Quebec’s top public health official said this week that the peak of the pandemic’s sixth wave has clearly passed and the province is ready to end its mask mandate for indoor public spaces on May 14.
“All the indicators are down, be it the number of cases, the number of health-care employees who are positive (for COVID-19), the number of hospitalizations,” interim public health director Dr. Luc Boileau told reporters in Quebec City. “The whole portrait is getting better and better.”
Dr. Boileau said masking will remain mandatory on public transportation and in health-care facilities. It will also be recommended in seniors residences and other facilities that may be home to vulnerable people.
“The virus is not leaving us on the 14th,” Dr. Boileau cautioned. “It will continue to be there.”
He said it’s possible the decline in the number of new COVID-19 infections and hospitalizations will slow once the mask mandate is lifted, but he doesn’t expect it to lead to a rise in new cases.
Roxane Borges Da Silva, a public health professor at the University of Montreal, said there will be more COVID-19 transmission in the province once the mask mandate is lifted.
“For sure, the virus will circulate more,” she said in an interview Wednesday. She said she hopes that will only mean it takes longer for the current wave to subside, but it is possible the number of new cases will rise.
Quebec will be the last province in Canada to lift its masking requirement. Prince Edward Island, the only other province with a mask mandate for public areas, lifted the health order on Friday.
Dr. Boileau said it’s unlikely the mandate will be brought back, even though a seventh wave of COVID-19 is expected this fall. But he admits that could change. “We are not expecting to reintroduce any obligations for the wearing of the mask, or any other measures, but we do not know what’s going to happen,” he said.
Dr. Catherine Hankins, a public health professor at McGill University, said that with warmer weather on the way, it’s good timing for Quebec to lift its mask mandate.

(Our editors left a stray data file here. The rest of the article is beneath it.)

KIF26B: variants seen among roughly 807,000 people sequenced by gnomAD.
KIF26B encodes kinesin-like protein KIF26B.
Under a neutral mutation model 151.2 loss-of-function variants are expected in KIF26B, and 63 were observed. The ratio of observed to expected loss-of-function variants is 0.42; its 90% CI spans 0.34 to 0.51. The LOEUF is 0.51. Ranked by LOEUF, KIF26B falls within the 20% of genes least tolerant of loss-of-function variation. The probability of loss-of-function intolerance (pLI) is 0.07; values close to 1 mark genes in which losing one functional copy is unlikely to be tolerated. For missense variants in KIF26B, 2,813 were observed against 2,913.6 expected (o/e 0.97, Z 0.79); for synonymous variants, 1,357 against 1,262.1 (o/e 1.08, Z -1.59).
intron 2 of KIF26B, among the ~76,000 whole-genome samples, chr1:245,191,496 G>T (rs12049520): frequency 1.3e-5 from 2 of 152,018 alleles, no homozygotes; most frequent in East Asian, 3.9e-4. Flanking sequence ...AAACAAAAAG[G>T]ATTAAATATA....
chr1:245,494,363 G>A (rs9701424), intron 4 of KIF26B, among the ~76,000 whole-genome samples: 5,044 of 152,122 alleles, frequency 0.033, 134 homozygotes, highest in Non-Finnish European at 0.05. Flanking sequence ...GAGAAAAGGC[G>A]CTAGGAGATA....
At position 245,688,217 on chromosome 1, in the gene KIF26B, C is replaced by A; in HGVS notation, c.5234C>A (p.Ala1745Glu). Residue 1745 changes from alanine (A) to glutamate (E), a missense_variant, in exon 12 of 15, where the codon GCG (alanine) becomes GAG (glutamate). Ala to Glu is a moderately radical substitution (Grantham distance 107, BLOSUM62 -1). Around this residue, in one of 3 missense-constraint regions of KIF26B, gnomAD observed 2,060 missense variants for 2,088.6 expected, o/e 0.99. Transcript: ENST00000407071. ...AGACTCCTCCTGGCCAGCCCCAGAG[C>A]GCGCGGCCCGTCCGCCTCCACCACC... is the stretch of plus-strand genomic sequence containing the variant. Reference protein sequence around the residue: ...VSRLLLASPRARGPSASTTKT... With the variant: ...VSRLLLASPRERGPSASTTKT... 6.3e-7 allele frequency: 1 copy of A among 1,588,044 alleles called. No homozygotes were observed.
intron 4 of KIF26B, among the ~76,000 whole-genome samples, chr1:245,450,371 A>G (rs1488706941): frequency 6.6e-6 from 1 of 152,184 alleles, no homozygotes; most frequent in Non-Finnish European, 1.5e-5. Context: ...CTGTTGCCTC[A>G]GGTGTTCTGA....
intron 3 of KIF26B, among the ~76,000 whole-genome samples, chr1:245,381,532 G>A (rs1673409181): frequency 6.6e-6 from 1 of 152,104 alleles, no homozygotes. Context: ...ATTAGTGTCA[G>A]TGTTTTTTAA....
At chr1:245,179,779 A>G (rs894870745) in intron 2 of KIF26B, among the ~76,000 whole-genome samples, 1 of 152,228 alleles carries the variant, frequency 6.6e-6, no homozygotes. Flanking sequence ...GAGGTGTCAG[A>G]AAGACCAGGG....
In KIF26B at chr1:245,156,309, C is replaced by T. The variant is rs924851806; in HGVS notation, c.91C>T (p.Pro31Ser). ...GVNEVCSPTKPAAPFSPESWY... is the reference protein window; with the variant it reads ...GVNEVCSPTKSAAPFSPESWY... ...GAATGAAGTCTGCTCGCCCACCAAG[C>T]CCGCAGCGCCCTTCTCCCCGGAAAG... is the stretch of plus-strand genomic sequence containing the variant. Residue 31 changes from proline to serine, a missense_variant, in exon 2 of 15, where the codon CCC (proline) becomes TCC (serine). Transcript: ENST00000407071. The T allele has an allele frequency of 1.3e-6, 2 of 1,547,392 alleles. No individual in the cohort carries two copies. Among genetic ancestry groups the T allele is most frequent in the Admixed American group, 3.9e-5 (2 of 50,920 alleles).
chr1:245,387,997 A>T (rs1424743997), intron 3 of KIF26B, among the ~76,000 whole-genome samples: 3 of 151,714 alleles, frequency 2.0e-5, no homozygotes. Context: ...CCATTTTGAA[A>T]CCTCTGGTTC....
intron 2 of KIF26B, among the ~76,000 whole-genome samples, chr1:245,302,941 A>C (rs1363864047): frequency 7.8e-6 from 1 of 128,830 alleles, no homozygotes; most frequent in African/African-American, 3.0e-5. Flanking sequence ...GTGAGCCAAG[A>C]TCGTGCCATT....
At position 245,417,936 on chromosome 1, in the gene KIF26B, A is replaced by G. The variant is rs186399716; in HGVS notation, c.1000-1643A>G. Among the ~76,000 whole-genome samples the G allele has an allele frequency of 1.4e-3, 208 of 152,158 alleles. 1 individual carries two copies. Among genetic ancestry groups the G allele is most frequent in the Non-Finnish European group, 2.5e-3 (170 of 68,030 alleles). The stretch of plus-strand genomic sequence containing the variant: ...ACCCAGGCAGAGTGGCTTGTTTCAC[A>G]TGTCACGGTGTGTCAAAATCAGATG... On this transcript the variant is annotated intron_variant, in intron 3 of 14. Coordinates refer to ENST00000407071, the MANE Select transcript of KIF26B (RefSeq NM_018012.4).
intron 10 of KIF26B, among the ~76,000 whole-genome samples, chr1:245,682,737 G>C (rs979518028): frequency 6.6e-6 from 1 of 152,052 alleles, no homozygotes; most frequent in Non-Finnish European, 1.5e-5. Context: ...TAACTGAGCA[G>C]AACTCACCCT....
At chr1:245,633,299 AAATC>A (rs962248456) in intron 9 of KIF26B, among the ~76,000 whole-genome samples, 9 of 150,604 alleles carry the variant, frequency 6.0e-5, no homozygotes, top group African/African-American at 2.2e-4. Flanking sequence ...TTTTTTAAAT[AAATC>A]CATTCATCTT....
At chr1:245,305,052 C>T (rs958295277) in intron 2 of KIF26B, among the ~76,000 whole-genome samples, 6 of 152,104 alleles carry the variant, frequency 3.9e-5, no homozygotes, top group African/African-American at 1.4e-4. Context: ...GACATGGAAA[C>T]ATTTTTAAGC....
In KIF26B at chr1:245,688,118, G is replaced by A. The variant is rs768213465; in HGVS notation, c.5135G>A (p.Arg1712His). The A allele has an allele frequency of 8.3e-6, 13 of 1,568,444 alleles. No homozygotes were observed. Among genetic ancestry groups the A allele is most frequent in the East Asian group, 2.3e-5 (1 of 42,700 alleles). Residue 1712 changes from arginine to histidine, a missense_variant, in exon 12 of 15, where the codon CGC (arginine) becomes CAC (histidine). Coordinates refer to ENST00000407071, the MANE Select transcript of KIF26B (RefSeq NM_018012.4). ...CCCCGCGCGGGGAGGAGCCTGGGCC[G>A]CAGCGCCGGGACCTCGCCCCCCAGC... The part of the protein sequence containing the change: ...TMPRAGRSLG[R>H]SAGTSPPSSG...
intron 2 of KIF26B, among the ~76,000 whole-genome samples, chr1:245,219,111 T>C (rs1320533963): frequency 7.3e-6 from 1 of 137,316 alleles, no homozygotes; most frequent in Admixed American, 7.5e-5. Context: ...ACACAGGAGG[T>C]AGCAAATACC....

“We are definitely on the downward slope of the sixth wave,” she said in an interview Wednesday. “We don’t know what’s going to happen next, but it looks like we have a bit of a reprieve for a few months, hopefully.”
However, she said it will be important to watch if cases of other respiratory infections, such as influenza, start to rise when the mandate is lifted.
The mask announcement came the same day that Quebec’s statistics institute reported that the province’s life expectancy rose to 83 years in 2021, after a “significant decrease” in 2020 attributed to COVID-19. Life expectancy for Quebecers hit 82.9 years in 2019 before dropping to 82.3 in 2020.
The provincial statistics agency said excess mortality in the province was 4.5 per cent between the beginning of the pandemic and March 12, 2022.
That translates to 6,400 more deaths than would normally have been expected during that period, well below the more than 15,000 COVID-19 deaths that the province has reported. Dr. Boileau has said at least some of those deaths were people who had the disease when they died but for whom it was not their primary cause of death.
Premier François Legault told reporters at the province’s legislature that the data shows that Quebec’s efforts have paid off.
“What this says is that the measures that we put in place over the past two years have had results,” he said. “Of course, one death is one death too many, but thanks to the measures, thanks to masks, thanks to all the efforts we made on vaccination, we find that Quebec has had fewer deaths than the rest of Canada, than the United States, than the rest of the world.”
Dr. Boileau, however, said the 6,400 figure almost surely under-represents the true COVID-19 death toll. He said part of the reason excess deaths were lower than the number of official COVID-19 deaths may be that other diseases, including influenza, were less present in the province during the pandemic.
The statistics agency said Quebec’s excess mortality was lower than the 6.2 per cent observed in the rest of Canada and well below the 18 per cent seen the United States.
Several European countries, including France, Spain and the United Kingdom, had higher excess mortality rates than Canada, while New Zealand and Australia saw mortality drop below expected levels during the pandemic.
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